Is it good? Is it fun? I’ve been asking myself this lately when I’m drawing in my wee Royal & Langnickel sketchbook. Seems obvious but sometimes you forget y’know, drawing should be fun …otherwise, why bother? Anyway these were fun, not necessarily good but I’m enjoying sketching again… and colouring with Frenden brushes in CSP is always a blast.
I’ve been itchin’ to ink over some more blue line work since writing my Blue no more post back in April. I sketched up a quick marsh man in Clip Studio Paint and converted the line art to Cyan.
I printed it onto an A5 sheet of cold pressed watercolour paper (200gsm) and inked with a Pentel brush pen, Uni Pin fineliners and a Posca paint marker for highlights.
I got to work on this around 2pm and completed it in chunks throughout the day, approx. 2 hours altogether including quick colours in Procreate.
Overall, I really enjoyed inking over this blue line piece, there’s a freedom to it, knowing that you could just print off another page if you messed up the inks and start again without losing your original drawing.
I’m disappointed with the brayer texture and will probably need to look at using another ink next time or practice with the roller on different paper. The masking tape also damaged the page in places so I might use masking fluid or cut out a stencil overlay on any future attempts.
The Posca marker worked really well on solid black ink but tended to mix with the brayer texture and grey wash. It’s really difficult to get a good all-round consistent line with whiteout pens like this but it’s also entirely possible that I just didn’t allow enough time for the inks and wash to dry.
I pretty much gave up on the clip studio workflow to remove the blue lines after scanning, the results looked a little faded/grey and the background wash was lost entirely after edits. The technique seems to work best on clean line art only. It’ll probably need tweaked or approached from a different angle for washes/texture. One solution would be to scan the line art and then add washes/texture using digital brushes. Alternatively, washes and textures could be scanned from separate lightboxed pages and added as multiply layers.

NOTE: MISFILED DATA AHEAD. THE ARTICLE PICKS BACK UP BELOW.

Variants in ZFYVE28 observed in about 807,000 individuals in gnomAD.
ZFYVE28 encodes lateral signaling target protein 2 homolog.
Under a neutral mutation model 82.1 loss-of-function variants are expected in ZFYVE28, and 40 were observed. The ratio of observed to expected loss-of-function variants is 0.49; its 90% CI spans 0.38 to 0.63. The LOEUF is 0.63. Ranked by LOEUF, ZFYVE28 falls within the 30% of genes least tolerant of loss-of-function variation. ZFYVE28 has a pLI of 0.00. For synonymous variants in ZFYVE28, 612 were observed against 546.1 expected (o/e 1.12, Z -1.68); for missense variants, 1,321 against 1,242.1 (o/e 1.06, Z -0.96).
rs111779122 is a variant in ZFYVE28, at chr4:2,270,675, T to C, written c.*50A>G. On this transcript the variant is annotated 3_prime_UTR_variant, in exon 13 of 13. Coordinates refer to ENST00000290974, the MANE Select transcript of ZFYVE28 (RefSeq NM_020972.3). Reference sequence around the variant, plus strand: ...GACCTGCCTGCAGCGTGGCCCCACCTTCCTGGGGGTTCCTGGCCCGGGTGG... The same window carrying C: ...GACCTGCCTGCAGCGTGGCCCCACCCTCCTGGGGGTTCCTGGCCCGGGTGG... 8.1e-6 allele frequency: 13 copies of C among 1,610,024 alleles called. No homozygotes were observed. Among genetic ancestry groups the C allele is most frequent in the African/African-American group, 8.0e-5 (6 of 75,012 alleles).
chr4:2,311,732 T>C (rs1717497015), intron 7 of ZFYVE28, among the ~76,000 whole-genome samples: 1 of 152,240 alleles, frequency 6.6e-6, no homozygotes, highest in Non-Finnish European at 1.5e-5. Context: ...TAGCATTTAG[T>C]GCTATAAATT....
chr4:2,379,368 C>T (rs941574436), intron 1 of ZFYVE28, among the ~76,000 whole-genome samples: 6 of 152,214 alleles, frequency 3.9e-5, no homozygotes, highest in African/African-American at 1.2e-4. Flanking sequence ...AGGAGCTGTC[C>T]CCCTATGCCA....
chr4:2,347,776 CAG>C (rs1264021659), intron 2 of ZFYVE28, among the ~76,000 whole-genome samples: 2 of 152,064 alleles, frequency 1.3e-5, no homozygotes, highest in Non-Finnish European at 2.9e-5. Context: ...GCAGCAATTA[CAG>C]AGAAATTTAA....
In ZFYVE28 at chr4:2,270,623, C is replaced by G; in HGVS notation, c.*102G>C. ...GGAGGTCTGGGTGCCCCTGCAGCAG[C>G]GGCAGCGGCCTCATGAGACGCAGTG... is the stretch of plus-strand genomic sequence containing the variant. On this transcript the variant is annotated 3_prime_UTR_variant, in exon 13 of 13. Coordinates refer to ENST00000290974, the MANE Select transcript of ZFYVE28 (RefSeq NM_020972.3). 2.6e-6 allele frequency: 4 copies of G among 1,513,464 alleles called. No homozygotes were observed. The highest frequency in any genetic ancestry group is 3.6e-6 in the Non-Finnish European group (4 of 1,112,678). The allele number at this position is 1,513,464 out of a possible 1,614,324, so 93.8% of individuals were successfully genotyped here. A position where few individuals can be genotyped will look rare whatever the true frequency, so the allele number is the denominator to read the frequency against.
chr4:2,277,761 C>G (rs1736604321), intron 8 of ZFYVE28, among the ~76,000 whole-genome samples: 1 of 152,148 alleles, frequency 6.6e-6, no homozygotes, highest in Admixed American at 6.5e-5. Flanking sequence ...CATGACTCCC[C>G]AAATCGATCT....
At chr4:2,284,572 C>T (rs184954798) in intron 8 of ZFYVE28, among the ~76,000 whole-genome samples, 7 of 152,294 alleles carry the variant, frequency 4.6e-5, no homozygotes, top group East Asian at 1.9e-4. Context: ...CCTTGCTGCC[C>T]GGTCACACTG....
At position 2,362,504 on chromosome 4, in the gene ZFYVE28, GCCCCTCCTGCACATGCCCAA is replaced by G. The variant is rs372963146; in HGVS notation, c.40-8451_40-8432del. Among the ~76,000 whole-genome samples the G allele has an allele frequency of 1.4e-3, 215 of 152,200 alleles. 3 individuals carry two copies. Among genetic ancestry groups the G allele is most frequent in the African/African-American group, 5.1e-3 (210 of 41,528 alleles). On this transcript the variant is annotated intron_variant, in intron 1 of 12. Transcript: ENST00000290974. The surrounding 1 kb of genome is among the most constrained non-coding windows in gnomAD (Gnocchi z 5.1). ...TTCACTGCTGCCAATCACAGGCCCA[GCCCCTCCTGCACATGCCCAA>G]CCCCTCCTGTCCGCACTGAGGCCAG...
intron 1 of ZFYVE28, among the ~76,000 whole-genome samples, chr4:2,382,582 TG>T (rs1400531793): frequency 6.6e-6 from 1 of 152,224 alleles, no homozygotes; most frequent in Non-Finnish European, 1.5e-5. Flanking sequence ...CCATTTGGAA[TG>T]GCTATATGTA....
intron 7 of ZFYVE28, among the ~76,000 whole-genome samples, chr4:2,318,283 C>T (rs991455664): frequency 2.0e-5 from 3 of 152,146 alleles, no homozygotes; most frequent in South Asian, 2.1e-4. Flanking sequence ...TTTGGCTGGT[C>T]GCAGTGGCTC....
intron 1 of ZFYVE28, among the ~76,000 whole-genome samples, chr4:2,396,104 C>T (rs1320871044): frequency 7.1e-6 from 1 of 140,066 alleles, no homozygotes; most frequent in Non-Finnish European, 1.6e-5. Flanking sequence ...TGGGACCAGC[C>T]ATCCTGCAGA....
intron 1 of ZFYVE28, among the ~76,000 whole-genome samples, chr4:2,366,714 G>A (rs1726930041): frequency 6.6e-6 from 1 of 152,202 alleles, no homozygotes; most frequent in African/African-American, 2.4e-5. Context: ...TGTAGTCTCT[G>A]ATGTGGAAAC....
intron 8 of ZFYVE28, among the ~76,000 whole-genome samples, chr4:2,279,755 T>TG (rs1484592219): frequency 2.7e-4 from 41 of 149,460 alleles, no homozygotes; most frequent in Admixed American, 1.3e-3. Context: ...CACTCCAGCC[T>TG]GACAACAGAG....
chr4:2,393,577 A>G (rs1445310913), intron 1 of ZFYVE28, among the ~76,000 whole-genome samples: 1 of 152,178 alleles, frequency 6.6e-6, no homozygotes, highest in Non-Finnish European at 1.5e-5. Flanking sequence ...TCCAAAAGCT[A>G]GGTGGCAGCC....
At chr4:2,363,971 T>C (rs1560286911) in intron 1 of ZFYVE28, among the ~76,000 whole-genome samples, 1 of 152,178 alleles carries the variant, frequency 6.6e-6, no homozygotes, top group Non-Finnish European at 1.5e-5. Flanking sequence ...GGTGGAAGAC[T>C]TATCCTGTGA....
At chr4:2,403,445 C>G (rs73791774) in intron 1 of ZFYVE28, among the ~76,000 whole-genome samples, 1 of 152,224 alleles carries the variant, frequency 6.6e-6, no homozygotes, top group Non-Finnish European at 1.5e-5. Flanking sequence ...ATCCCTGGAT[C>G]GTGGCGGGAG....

I snapped some quick photos of my sketchbook to try out some Frenden brushes in CSP. I’ve been getting increasingly bored with digital drawing lately (just feels like a slog) but colouring on the iPad is still fun.
The search continues for my go-to textured colouring brush, y’know… the magic brush. I feel like I’ve come close to it on a few things over the years but I colour so infrequently that I can never quite remember the ones I’ve used or the combinations that have worked… I’m old.
I flatted the page pretty quickly earlier in the week before adding rendering over the last few days at work. I had about 10 to 30 minutes during my breaks and lunches giving me approximately 10 minutes per panel.
Kinda like PJ’s genius pomodoro technique (which breaks single tasks into 25 minute chunks) 10 minutes is a pretty perfect time limitation to set for a single panel, really keeps you focused.
PJ has collected his holiday comics along with a bunch of other strips on gumroad (it’s pay what you like) and I really enjoyed it!
I’ve uploaded my flats here if you wanna colour the page too.
I simply couldn’t resist colouring the first page and settled on a muted palette with an added paper texture overlay to give it that vintage 90s Marvel UK feel.
I’ve uploaded my flats here if you wanna give it a go.
Just a wee colouring practice page cobbled together from old head sketches in CSP. I inked and coloured the heads individually spending about 20 to 40 mins on each until I filled the page.
PJ Holden kindly offered up some more inks for colouring on his blog and I couldn’t resist. Give it a go too why don’t cha, I’d love to see some more approaches to this sublime wee one pager.
I really enjoyed colouring PJ Holden’s work last month and I’ve been looking for similar sketches to practice on. Colorist Jam is always popping up in my timeline so thought I’d give this month’s Cap a go. Spent about 30 mins on it altogether (including flatting for Clip Studio) using a conventional palette with a texture overlay.